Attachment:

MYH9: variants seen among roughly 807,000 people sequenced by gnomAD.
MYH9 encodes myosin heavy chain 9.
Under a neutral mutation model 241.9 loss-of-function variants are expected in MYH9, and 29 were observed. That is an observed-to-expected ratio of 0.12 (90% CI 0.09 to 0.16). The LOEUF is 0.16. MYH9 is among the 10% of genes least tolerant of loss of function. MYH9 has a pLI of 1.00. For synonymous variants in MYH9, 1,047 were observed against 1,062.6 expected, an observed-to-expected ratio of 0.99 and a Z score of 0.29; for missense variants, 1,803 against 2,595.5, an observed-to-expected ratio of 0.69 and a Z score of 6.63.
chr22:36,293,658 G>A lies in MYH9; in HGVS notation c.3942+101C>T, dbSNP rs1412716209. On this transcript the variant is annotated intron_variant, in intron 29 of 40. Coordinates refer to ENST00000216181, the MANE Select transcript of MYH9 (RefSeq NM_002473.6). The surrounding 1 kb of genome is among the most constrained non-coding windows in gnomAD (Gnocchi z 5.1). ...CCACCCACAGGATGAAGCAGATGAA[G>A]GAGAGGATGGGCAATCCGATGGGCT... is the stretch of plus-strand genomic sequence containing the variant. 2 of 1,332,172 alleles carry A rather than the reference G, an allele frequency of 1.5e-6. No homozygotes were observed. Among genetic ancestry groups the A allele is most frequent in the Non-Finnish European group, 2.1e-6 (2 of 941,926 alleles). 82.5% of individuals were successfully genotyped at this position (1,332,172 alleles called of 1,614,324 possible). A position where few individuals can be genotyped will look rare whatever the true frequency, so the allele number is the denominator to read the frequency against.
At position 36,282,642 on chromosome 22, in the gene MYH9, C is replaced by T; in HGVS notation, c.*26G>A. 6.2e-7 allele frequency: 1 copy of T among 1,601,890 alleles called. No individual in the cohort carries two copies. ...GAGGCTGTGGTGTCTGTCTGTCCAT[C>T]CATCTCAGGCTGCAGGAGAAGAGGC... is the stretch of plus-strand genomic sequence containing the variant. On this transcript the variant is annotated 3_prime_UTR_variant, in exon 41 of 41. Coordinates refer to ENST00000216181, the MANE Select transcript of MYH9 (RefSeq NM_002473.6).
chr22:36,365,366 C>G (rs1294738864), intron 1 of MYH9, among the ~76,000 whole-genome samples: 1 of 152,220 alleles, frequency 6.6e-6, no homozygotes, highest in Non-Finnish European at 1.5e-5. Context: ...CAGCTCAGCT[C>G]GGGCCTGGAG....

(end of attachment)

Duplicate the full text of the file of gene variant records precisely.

MYH9: variants seen among roughly 807,000 people sequenced by gnomAD.
MYH9 encodes myosin heavy chain 9.
Under a neutral mutation model 241.9 loss-of-function variants are expected in MYH9, and 29 were observed. That is an observed-to-expected ratio of 0.12 (90% CI 0.09 to 0.16). The LOEUF is 0.16. MYH9 is among the 10% of genes least tolerant of loss of function. MYH9 has a pLI of 1.00. For synonymous variants in MYH9, 1,047 were observed against 1,062.6 expected, an observed-to-expected ratio of 0.99 and a Z score of 0.29; for missense variants, 1,803 against 2,595.5, an observed-to-expected ratio of 0.69 and a Z score of 6.63.
chr22:36,293,658 G>A lies in MYH9; in HGVS notation c.3942+101C>T, dbSNP rs1412716209. On this transcript the variant is annotated intron_variant, in intron 29 of 40. Coordinates refer to ENST00000216181, the MANE Select transcript of MYH9 (RefSeq NM_002473.6). The surrounding 1 kb of genome is among the most constrained non-coding windows in gnomAD (Gnocchi z 5.1). ...CCACCCACAGGATGAAGCAGATGAA[G>A]GAGAGGATGGGCAATCCGATGGGCT... is the stretch of plus-strand genomic sequence containing the variant. 2 of 1,332,172 alleles carry A rather than the reference G, an allele frequency of 1.5e-6. No homozygotes were observed. Among genetic ancestry groups the A allele is most frequent in the Non-Finnish European group, 2.1e-6 (2 of 941,926 alleles). 82.5% of individuals were successfully genotyped at this position (1,332,172 alleles called of 1,614,324 possible). A position where few individuals can be genotyped will look rare whatever the true frequency, so the allele number is the denominator to read the frequency against.
At position 36,282,642 on chromosome 22, in the gene MYH9, C is replaced by T; in HGVS notation, c.*26G>A. 6.2e-7 allele frequency: 1 copy of T among 1,601,890 alleles called. No individual in the cohort carries two copies. ...GAGGCTGTGGTGTCTGTCTGTCCAT[C>T]CATCTCAGGCTGCAGGAGAAGAGGC... is the stretch of plus-strand genomic sequence containing the variant. On this transcript the variant is annotated 3_prime_UTR_variant, in exon 41 of 41. Coordinates refer to ENST00000216181, the MANE Select transcript of MYH9 (RefSeq NM_002473.6).
chr22:36,365,366 C>G (rs1294738864), intron 1 of MYH9, among the ~76,000 whole-genome samples: 1 of 152,220 alleles, frequency 6.6e-6, no homozygotes, highest in Non-Finnish European at 1.5e-5. Context: ...CAGCTCAGCT[C>G]GGGCCTGGAG....